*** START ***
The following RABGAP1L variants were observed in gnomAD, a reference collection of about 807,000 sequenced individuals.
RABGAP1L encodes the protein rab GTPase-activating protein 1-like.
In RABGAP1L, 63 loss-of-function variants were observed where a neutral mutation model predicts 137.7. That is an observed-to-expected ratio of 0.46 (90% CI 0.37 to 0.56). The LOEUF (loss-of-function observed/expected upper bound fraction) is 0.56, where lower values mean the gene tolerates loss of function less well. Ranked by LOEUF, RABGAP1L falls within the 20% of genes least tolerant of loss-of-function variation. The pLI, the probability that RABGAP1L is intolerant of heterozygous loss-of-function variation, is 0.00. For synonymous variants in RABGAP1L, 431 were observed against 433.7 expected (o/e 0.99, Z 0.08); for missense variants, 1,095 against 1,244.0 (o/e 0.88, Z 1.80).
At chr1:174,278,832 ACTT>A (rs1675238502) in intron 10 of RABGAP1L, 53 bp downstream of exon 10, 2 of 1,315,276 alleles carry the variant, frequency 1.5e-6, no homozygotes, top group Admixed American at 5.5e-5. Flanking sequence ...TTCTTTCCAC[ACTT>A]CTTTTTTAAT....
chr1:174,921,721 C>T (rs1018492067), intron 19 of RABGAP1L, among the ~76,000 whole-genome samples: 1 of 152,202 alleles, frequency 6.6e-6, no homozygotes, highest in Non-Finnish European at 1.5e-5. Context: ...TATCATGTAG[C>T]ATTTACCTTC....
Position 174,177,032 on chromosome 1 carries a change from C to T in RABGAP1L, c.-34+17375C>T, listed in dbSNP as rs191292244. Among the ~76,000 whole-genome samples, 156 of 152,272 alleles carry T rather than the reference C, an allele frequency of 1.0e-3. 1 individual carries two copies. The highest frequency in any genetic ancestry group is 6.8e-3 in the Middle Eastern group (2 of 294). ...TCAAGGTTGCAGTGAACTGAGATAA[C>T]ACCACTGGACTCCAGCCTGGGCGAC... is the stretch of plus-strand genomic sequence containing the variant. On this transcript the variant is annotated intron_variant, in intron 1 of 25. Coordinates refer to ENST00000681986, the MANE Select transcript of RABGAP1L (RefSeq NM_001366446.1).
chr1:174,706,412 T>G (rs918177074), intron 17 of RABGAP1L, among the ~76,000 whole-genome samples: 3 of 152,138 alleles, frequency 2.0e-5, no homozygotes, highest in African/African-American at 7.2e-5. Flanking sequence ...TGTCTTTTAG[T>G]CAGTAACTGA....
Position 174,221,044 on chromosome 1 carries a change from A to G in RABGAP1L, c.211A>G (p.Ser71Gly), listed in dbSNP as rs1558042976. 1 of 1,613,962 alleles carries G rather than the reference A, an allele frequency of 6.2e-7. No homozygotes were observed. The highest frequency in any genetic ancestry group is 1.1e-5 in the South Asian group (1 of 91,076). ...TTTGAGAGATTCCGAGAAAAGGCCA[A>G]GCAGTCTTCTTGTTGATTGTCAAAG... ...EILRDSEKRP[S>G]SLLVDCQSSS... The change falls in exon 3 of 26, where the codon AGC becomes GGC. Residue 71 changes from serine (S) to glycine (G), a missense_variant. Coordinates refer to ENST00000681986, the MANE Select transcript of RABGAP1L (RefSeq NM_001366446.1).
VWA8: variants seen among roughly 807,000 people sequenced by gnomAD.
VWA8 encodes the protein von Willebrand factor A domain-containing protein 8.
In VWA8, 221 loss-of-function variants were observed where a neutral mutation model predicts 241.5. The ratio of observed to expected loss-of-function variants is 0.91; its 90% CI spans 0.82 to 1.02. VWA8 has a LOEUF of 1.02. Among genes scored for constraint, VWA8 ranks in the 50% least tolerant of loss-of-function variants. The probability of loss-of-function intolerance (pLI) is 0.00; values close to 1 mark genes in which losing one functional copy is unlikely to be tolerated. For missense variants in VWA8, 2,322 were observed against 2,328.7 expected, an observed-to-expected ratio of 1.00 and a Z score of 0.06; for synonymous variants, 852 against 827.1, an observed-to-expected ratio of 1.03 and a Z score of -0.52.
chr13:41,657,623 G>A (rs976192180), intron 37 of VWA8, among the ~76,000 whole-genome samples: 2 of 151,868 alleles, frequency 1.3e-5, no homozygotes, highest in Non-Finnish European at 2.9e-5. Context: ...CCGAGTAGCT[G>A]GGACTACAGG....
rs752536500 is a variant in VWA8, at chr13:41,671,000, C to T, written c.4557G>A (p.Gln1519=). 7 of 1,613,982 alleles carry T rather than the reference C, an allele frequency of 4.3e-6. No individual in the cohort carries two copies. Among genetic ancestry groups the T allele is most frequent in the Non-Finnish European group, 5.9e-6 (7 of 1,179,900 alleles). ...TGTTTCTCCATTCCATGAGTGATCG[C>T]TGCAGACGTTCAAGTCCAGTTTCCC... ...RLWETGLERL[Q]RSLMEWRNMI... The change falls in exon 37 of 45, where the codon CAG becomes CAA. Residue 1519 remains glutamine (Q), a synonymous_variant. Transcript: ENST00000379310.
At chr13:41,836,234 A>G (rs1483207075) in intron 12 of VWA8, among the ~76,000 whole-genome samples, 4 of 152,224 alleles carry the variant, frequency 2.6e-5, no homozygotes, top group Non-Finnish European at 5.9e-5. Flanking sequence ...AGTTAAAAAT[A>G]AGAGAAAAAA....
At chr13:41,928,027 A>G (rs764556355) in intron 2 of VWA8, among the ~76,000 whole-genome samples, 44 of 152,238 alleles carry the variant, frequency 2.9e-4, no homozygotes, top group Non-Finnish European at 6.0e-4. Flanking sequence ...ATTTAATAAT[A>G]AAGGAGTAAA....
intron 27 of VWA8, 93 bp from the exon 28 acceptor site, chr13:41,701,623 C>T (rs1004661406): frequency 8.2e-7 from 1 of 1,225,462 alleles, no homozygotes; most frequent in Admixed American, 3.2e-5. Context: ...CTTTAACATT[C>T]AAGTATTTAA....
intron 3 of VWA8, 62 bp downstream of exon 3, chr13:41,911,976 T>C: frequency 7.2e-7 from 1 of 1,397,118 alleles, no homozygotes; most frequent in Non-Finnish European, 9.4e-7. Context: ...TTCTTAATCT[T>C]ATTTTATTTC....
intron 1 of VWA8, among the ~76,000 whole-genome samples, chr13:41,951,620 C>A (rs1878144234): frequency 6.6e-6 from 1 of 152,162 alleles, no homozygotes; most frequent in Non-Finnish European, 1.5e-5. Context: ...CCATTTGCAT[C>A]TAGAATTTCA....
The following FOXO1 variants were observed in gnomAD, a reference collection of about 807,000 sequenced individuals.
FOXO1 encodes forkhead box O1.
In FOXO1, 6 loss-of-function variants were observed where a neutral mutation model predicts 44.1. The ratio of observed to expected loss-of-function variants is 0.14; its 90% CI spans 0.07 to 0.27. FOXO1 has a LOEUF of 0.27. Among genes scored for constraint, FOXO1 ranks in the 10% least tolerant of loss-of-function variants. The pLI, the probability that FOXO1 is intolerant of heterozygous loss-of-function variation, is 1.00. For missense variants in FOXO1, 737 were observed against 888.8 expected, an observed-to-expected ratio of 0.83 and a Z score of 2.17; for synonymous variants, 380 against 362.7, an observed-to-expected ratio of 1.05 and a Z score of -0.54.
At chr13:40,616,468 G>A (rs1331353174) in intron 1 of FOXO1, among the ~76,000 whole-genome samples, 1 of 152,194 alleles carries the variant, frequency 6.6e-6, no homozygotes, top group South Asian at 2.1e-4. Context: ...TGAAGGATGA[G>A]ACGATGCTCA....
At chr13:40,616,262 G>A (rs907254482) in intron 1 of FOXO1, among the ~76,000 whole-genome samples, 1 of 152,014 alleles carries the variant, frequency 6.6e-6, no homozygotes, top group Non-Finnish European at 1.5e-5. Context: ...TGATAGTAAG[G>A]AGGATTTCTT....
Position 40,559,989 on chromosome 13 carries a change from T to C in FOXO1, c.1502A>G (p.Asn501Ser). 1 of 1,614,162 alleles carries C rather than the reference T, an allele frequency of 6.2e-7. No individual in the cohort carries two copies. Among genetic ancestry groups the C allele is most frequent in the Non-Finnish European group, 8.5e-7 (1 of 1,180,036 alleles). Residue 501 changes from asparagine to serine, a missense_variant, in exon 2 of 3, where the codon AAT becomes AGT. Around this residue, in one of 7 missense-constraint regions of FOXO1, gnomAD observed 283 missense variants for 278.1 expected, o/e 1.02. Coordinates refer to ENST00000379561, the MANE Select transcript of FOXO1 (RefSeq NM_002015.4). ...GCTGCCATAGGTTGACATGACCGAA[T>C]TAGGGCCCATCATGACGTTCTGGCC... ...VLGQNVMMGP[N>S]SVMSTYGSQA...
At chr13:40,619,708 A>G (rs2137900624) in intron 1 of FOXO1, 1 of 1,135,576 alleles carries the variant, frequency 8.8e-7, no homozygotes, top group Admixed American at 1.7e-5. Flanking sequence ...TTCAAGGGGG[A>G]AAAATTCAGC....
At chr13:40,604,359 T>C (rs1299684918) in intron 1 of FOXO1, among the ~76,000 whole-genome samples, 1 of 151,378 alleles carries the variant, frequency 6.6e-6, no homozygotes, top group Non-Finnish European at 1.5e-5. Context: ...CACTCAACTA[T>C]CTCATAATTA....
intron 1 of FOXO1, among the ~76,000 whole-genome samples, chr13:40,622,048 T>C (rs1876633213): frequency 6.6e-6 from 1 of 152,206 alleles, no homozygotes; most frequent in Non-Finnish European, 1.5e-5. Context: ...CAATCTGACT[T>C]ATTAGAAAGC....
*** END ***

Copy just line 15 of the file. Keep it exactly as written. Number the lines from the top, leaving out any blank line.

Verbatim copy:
At chr13:41,928,027 A>G (rs764556355) in intron 2 of VWA8, among the ~76,000 whole-genome samples, 44 of 152,238 alleles carry the variant, frequency 2.9e-4, no homozygotes, top group Non-Finnish European at 6.0e-4. Flanking sequence ...ATTTAATAAT[A>G]AAGGAGTAAA....